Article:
Flokeh! (Flower Bohkeh)



It has been way to long since I have posted any photos so here is a photo I took while I was filming for a friends wedding!

Had this awesome opportunity due to in-climate weather (overcast and rainy) which was perfect for photos like this, but a bummer for a wedding.

And let me tell you doing video for weddings is a nightmare, from the start to finish I couldn’t catch a breather.

If you are ever considering making a film for a friends wedding, or professionally, consider how much work its going to take.

It surprised me, I’m still having to deal with processing issues months after the video was finally edited.

However I still had a blast doing so, and helped me learn how to work with people effectively.

Managing four individual cameras was crazy but awesome, and overall the couple was happy with my work!

So if I had further filming opportunities, I would first strongly consider the work load, plan for the event, and take it by the horns and hold on tight!


Back to the Basics

Upon reflection, that is reflecting on my past work, I realized that I have been forgetting to focus on the most important part that make a good photo. So I have gone back to the basics, reading and studying composition, from different sources.

Some are from past greats (Bresson, Bourke-White, and Adams), and some are new professionals and writing books on composition techniques. Each time I look or read about great composition, it points back to simple ideals. A clear subject, and a strong contrast. Sure there is way more that goes into composing a masterful photo, but sometimes the most simple composition can compete with the greats.

So I have challenged myself to look at the mundane around the house and focus purely on composition techniques. Subjects that are prominent and don’t fade into the background (or foreground), clear and clean leading lines, and prominent framing.

Here are some of the results from my perusing around the house.


This was a challenge, but it forced me to stop, and consider my entire shot. It slowed me down and made me consider the surrounding elements (leading lines, focal planes, contrast, etc.) rather than just the subject. It was a wonderful experiment, and I learned some valuable skills for when I go out into the field to capture other wonderful moments.

It goes to show you that even the everyday household objects can create some interesting subject matter. So I challenge you to take out your camera (it doesn’t have to be any fancy dslr, just check out my other photo challenge) and start shooting away! You’ll be amazed at what you find!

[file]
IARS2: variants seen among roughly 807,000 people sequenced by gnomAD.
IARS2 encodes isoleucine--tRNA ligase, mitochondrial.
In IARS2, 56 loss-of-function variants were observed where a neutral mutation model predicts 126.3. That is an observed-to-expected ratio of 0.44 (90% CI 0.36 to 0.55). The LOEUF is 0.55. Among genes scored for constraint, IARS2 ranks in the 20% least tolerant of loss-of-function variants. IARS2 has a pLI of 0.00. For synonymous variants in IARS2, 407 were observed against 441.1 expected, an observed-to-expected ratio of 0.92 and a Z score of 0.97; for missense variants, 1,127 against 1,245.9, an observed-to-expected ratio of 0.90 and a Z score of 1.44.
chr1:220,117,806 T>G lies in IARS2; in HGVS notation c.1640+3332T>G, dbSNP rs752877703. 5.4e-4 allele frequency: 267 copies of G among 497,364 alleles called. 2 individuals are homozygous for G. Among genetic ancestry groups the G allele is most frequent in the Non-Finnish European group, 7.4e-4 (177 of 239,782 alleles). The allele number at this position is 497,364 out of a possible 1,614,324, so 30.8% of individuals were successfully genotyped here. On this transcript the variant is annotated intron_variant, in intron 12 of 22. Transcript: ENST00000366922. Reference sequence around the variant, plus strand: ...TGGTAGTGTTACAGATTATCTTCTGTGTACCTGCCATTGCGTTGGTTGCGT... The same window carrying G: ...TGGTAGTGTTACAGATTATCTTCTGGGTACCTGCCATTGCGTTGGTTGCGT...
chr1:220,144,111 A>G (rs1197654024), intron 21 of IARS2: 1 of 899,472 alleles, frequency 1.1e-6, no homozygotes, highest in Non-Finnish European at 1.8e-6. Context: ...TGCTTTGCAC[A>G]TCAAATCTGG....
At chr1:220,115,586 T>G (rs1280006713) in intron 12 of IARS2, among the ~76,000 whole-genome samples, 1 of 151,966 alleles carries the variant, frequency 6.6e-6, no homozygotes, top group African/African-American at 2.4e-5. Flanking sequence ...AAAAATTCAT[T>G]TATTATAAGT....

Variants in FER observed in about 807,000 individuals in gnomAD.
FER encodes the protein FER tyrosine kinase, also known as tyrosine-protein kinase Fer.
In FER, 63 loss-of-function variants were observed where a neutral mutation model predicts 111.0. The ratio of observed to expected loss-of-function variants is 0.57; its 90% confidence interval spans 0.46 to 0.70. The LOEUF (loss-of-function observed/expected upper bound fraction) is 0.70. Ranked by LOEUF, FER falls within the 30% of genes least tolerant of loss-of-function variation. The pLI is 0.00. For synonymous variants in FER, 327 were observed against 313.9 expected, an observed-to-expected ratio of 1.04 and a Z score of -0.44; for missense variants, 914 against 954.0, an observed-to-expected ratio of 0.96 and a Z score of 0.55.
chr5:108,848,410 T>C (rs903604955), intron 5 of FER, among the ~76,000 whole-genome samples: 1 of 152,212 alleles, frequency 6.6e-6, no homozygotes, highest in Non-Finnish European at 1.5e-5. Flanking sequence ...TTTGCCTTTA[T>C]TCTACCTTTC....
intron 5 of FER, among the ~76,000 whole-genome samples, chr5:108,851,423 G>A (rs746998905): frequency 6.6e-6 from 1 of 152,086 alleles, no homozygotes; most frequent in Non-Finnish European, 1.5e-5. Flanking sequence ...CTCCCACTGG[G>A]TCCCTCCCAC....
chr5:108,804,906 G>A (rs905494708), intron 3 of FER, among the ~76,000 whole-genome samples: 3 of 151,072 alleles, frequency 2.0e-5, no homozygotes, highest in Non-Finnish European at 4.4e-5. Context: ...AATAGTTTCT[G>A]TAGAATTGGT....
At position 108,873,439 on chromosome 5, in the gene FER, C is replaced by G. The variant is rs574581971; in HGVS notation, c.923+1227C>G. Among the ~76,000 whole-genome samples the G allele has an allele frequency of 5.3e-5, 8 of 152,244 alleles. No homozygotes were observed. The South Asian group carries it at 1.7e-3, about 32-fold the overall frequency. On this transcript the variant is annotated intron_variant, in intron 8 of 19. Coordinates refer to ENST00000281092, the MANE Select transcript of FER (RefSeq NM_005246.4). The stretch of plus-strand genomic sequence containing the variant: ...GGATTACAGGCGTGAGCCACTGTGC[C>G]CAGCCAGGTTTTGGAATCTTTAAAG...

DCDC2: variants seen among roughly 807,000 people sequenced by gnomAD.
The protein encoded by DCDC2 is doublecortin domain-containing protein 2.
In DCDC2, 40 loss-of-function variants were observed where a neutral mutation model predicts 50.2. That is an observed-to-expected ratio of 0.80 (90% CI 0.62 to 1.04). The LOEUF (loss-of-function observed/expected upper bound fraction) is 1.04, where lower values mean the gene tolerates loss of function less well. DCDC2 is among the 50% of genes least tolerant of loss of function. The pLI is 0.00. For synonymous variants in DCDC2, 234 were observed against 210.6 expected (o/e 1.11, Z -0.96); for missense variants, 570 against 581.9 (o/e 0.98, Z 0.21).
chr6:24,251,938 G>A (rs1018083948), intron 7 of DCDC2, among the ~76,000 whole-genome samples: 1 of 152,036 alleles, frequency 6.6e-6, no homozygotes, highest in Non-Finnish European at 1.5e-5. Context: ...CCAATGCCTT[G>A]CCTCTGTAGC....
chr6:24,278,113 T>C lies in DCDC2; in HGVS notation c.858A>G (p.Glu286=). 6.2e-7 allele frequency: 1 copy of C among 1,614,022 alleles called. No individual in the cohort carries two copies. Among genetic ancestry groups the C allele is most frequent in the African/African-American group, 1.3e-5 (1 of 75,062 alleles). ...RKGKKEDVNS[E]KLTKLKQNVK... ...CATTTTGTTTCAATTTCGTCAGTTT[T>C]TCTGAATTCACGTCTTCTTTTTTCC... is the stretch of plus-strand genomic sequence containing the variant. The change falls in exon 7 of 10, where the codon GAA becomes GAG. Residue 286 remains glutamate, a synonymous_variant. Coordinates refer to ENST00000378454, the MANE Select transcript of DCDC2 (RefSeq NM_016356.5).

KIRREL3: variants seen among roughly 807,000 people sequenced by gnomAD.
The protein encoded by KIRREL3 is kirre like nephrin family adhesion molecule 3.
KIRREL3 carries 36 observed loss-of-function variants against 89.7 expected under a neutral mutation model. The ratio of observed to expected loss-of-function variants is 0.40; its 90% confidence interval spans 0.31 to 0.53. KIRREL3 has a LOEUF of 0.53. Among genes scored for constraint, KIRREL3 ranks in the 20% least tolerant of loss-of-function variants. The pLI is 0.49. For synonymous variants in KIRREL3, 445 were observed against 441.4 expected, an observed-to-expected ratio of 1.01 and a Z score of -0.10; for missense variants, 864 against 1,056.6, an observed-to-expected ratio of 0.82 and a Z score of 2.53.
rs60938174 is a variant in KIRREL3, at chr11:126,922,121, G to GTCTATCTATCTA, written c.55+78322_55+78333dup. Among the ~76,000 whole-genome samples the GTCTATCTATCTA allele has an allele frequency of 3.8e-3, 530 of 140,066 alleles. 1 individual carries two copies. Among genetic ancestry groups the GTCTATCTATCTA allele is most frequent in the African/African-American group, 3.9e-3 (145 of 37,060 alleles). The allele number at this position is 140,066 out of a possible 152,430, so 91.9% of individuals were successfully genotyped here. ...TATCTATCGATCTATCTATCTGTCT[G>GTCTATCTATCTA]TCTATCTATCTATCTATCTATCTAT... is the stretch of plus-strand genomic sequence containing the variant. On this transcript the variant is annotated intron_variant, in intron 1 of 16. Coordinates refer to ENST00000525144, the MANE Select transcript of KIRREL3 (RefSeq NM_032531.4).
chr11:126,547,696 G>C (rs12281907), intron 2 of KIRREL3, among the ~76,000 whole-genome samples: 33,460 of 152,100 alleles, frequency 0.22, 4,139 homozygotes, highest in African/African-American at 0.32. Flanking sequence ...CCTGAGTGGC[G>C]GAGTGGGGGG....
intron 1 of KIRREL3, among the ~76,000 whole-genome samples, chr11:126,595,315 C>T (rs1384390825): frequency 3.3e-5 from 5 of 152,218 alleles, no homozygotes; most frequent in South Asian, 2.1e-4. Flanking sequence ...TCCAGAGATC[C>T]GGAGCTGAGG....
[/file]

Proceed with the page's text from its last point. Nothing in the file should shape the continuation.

P.S. if any of you found this interesting and would like to learn along side me as I explore composition techniques, or would like this to be a new subject, please vote on the poll! This allows me to get your opinion, and helps me know what interests you! Thanks again for the support and remember to stay creative!

First Roll of Film with the New Analog SLR

Amazing Mistakes

Here are some of the first shots from my analog SLR (Konica).

I loved the outcome of these shots, since the built in light meter doesn’t work (I have been using the Light Meter app on my Ipod). With a few tweaks on the computer, these shots came out great. A few surprised me (seeing that they were a double exposure) but added to the feeling the photo provoked.


Digital Power Horse

flame on

Abstract imagery


Kickin Oldschool


Introducing friends to photography


Coolest Shop Ever

Ill Style


REd Rocks

Is film dead? Some may say so, but there are so many wonderful photographers that still use it to this day. There are numerous benefits to using film (higher pixel count, forces user to take time composing shot, interesting formatting, etc.) that digital cannot recreate.

Winter Tree

Film is like a box of chocolates, as cheesy as it sounds, you will never know what your going to get. I love that feeling that you can’t look into a brightly lit lcd screen to see how the shot came out. It makes the anticipation that much more exciting, as one waits for a roll to be developed.

Tree Limbs

I have only started getting into film and cannot not describe the feeling one gets when snapping a photo. The click of the spool wheel as you forward the roll is like nothing else. If you are feeling that your love of photography is becoming stale, I highly recommend grabbing an old analog camera and start shooting your days away.

-by the way all of these photos were shot on 35mm film with a holga 120cfn (which normally takes 120 format film). I still have yet to find a film developer that would develop 35mm film (or 12o format rolls)with the spools included (since shooting with this camera exposes the entire width of the roll).


I Heart Bokeh

I’m sure many photographers have heard of these wonderful out-of-focus balls before, but for many it is an illusive subject. Bokeh, according to Dictionary.com , is the”…out-of-focus areas photographic image”. The origin of the word comes from japan and not only describes the cute blurring balls in images, but it can also describe a person’s state of mind. Kai Wong of Digital Rev does a stellar job of not only explaining what bokeh is, but he goes in depth on how to create wonderful bokeh in one’s images. Check the video below to see Kai in action.

Grave Bokeh

The photos in this article that I have taken, are very simple examples of what one can do to manipulate the shape of bokeh. All it takes is some black construction paper, a pair of craft knives (exacto-blades), and creativity, and your on your way to “Bokehlicious” images.

Cross Bokeh

Have fun and please, don’t run with scissors (or blades). It will end badly.